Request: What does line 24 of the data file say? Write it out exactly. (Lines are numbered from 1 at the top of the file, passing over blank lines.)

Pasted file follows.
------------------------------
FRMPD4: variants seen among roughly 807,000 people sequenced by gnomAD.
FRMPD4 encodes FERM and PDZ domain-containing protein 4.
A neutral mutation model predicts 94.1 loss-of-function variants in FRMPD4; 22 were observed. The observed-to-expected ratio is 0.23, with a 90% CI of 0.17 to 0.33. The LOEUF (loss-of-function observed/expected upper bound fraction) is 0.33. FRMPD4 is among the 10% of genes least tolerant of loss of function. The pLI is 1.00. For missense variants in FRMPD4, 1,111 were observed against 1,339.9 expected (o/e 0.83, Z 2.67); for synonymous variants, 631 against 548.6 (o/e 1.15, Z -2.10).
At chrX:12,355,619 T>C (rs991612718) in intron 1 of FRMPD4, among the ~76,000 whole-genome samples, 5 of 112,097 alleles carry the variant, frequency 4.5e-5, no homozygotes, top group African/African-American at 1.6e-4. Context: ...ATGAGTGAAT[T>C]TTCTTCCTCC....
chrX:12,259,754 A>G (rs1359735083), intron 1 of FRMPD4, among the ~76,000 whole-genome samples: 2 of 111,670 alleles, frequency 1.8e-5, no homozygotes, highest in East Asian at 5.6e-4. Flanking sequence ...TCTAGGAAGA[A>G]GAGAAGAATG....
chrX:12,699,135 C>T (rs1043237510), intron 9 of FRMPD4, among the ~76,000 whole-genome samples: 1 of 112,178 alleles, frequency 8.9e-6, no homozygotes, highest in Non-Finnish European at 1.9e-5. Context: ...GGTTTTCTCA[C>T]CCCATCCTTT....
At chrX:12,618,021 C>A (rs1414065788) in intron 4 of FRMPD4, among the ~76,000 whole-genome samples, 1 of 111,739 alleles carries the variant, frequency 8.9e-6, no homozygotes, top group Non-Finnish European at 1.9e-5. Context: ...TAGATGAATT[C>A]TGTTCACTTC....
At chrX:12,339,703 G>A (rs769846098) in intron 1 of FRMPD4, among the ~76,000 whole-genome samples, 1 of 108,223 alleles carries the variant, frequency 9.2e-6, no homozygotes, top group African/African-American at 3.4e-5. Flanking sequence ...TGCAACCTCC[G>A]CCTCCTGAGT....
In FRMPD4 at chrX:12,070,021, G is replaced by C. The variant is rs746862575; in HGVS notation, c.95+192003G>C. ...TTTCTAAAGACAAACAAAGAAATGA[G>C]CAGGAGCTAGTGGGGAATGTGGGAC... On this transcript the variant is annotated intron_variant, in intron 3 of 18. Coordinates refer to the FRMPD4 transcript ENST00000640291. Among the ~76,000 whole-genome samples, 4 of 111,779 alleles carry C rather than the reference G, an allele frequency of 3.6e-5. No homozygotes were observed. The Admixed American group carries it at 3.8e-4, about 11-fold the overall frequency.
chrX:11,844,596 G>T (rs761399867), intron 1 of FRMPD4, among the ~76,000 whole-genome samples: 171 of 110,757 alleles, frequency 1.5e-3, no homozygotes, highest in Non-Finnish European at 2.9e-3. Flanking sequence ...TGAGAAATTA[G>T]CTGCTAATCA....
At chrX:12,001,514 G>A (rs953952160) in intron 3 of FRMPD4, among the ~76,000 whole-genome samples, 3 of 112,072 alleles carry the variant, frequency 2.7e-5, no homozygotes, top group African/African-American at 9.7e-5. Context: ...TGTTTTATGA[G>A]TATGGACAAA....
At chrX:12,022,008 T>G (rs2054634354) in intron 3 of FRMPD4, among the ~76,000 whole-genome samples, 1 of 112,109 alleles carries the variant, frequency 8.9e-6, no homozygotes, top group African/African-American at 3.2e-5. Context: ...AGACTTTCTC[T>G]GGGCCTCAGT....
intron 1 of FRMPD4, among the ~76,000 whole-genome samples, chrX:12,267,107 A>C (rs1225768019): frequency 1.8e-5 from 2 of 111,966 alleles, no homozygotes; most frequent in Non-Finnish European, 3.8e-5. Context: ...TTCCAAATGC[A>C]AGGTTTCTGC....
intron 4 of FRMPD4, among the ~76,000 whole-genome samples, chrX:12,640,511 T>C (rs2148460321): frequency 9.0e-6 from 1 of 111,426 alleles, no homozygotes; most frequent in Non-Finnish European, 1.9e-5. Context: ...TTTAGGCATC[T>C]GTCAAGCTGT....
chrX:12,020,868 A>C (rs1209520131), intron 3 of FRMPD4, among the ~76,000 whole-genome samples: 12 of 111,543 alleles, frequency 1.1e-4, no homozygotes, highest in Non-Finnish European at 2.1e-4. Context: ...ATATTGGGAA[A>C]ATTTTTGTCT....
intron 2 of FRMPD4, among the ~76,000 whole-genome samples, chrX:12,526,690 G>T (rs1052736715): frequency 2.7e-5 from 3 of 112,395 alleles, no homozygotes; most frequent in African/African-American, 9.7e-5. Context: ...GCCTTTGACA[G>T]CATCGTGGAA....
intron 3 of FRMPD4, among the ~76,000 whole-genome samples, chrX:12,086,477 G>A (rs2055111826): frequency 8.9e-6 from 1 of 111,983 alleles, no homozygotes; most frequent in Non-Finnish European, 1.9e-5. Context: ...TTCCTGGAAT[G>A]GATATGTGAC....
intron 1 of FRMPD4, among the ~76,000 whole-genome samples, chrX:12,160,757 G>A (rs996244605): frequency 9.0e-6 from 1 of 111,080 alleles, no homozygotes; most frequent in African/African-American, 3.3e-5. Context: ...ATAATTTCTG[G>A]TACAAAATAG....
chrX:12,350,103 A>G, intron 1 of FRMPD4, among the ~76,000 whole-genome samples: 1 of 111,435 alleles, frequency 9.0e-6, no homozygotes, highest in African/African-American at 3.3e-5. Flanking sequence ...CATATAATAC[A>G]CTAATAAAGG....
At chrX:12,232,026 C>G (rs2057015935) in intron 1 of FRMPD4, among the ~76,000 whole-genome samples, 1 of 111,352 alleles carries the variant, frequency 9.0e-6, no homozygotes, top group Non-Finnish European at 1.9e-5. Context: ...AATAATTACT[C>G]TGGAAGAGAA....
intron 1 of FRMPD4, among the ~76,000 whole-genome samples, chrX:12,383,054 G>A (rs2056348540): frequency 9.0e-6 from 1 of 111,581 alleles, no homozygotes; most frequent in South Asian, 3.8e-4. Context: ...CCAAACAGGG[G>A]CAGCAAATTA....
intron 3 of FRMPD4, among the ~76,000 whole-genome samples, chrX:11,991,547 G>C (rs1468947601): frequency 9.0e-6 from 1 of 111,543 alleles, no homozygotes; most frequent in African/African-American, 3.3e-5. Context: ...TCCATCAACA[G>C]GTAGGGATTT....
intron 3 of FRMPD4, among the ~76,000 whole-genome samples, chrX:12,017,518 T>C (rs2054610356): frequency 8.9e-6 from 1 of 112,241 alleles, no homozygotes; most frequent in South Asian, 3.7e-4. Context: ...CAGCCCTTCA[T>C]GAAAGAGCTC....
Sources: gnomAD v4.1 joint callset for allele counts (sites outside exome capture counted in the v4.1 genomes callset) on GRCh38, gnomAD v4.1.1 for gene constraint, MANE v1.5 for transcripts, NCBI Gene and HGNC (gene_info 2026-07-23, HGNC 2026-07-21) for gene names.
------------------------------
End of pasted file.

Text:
Sources: gnomAD v4.1 joint callset for allele counts (sites outside exome capture counted in the v4.1 genomes callset) on GRCh38, gnomAD v4.1.1 for gene constraint, MANE v1.5 for transcripts, NCBI Gene and HGNC (gene_info 2026-07-23, HGNC 2026-07-21) for gene names.